I have thought countless times of how to begin this blog, actually, I was thinking of it way before even doing the jump itself. It went through my mind many times, how I will start it, what the title should be, how many photos should I include, and what exactly to describe. Should I describe the night before?, or just the jump itself, should I talk about why I did it?, how I ended up doing it? the joy, the fear, so many things. This made me postpone writing the blog until now, even though I thought that I will be writing it right after landing just to keep the momentum. But I realized that it is a huge experience, and I needed much time just to comprehend it and be able to reflect on.
One question that kept popping up every time I’m thinking of skydiving, yes you guessed right, why?!, Why I have to do it?, and I say “have” because I almost felt that I’m obliged to do it. I have dreamed of skydiving since the first moment I knew that there is such a thing. The first time I saw someone throwing himself out of a plane; I thought it was some kind of a trick, however, afterward I knew it is real and normal people can do it.
A funny thing is that when I told my one of my colleagues in my organization that I’m going skydiving, he asked: “since you want to do this much, why didn’t you do it at back home!”. I sincerely laughed a moment and cried a lot for that question, and I simply answered that I’m from Gaza which simply means we don’t have any things of such kind, but you know; he was right asking the question as for normal Americans it is the normal thing to expect such things to be available for others.
Anyhow, I still didn’t answer the question “why?” and till this moment I don’t know quite frankly why, sometimes I think my fear of heights, which actually I am afraid of heights and I don’t know anybody who doesn’t. It feels like its natural to be afraid of heights. Another reason could be that I wanted to challenge myself, doing something only a few people could think of and fewer could actually do, or it could be just to feel exceptional. It could be many things, a strong dose of dopamine may be, a tendency for risk, having something interesting to talk about in the next GLL, could be all of these and could be none.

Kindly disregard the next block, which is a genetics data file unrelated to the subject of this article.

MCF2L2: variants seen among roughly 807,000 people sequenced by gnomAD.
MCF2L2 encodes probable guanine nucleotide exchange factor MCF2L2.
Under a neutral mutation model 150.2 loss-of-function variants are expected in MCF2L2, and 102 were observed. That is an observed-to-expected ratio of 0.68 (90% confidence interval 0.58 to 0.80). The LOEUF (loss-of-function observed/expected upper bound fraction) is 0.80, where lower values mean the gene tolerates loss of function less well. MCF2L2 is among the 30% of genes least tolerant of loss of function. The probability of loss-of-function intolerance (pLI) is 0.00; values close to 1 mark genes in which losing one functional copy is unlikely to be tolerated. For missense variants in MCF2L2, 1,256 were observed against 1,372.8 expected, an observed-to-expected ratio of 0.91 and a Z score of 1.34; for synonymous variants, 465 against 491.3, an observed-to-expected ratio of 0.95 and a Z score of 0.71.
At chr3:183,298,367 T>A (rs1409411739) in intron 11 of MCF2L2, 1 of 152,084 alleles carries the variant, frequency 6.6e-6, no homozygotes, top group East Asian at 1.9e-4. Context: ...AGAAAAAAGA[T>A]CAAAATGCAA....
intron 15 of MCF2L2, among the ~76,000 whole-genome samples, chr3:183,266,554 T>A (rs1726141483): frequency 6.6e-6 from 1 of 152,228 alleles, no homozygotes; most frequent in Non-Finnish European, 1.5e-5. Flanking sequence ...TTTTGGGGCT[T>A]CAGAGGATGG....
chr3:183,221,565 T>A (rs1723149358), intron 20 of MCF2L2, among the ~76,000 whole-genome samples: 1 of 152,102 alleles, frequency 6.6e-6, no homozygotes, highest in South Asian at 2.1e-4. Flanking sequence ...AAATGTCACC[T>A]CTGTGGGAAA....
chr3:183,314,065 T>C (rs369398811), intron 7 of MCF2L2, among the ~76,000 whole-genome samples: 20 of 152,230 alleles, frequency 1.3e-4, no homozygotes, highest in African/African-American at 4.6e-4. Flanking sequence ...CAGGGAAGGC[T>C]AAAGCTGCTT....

The one thing I’m sure of, is that I did something that I believed is very hard to do -turned out to be very easy, it doesn’t even require any physical effort- and I had at least one moment when I felt emptiness and fullness at the same time -don’t ask how-.
Most probably you are reading this blog just to know more about the details and feelings before, during and after, and don’t worry I’ll give you plenty of those.
I’ll tell the story as I usually tell my wife, who loves to know every single detail, and I will start by the night before. But I will give some context so you can have a good picture of the whole situation.
Since my second week here in SF bay area, I started looking for places to do my first skydiving jump, and I found many options close enough to the area I’m living in, almost 2-4 hours driving. Other than the prices, I found they were offering different altitudes for the jump, ranging from 12,000 ft to 18,000 ft., and after 5 minutes of reading, I found that it makes a huge difference in the actual time you will be flying, I mean the time you will spend in the air. It is formed of two things, the free fall, which is time after the actual jump till the parachute is opened, and the parachute flying time, which is -obviously- from the moment the parachute is opened till you hit the ground. And the thing you need to know is that the higher the altitude is, the longer time you’ll be spending up in the air, and the more time of free fall you will have. This was enough for me to make my decision, go for the highest altitude possible, which is 18,000 ft. according to the company, it is the world’s highest freefall skydiving (Satisfying).
I tried to have some company to do the jump with me, I talked to the fellow fellows and colleagues at work, some of them welcomed the idea, some were excited, and some were afraid, but none of them wanted to do it. One person, I found very excited about the idea, who has actually done it a few years back, and he encouraged me to do it, even if I had to do it alone, thanks a lot Kevin.
Since the place was two-hours driving from where I live, and since it was near Monterey Bay which I heard a lot about its beauty and magnificent scenes, I decided to go for a two-day trip to Monterey Bay and to do the jump on the third day.
On the night before the promised day, I packed my stuff, went through everything twice, read the instructions I received from the skydiving company just to make sure everything is alright. I had a great Thai dinner with two people I met at the hostel where I was staying and went to bed early to be able to wake up the next morning. And Of course, I couldn’t sleep well, not only because I was thinking of the jump, how it is going to feel, what If I got scared and didn’t do it, how it would feel when I’m free falling and lots of other things flying around in my mind, but also for the two people snoring heavily in the same hostel room.